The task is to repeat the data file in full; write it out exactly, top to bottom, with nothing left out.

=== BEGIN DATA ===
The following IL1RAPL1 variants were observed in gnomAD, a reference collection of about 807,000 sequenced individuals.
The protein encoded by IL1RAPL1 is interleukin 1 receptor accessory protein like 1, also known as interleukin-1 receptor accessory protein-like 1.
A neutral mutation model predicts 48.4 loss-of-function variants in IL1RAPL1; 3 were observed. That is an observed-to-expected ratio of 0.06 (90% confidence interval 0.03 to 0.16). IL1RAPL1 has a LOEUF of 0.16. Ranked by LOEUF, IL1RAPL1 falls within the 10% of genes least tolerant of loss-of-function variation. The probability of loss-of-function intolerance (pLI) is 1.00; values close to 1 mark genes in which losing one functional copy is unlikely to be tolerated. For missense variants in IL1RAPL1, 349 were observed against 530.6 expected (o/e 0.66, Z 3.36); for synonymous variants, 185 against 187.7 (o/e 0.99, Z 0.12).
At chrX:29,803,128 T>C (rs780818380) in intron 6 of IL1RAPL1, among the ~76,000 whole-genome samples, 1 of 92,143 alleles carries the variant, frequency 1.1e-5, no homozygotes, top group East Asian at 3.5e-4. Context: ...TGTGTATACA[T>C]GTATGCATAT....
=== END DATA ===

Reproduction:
The following IL1RAPL1 variants were observed in gnomAD, a reference collection of about 807,000 sequenced individuals.
The protein encoded by IL1RAPL1 is interleukin 1 receptor accessory protein like 1, also known as interleukin-1 receptor accessory protein-like 1.
A neutral mutation model predicts 48.4 loss-of-function variants in IL1RAPL1; 3 were observed. That is an observed-to-expected ratio of 0.06 (90% confidence interval 0.03 to 0.16). IL1RAPL1 has a LOEUF of 0.16. Ranked by LOEUF, IL1RAPL1 falls within the 10% of genes least tolerant of loss-of-function variation. The probability of loss-of-function intolerance (pLI) is 1.00; values close to 1 mark genes in which losing one functional copy is unlikely to be tolerated. For missense variants in IL1RAPL1, 349 were observed against 530.6 expected (o/e 0.66, Z 3.36); for synonymous variants, 185 against 187.7 (o/e 0.99, Z 0.12).
At chrX:29,803,128 T>C (rs780818380) in intron 6 of IL1RAPL1, among the ~76,000 whole-genome samples, 1 of 92,143 alleles carries the variant, frequency 1.1e-5, no homozygotes, top group East Asian at 3.5e-4. Context: ...TGTGTATACA[T>C]GTATGCATAT....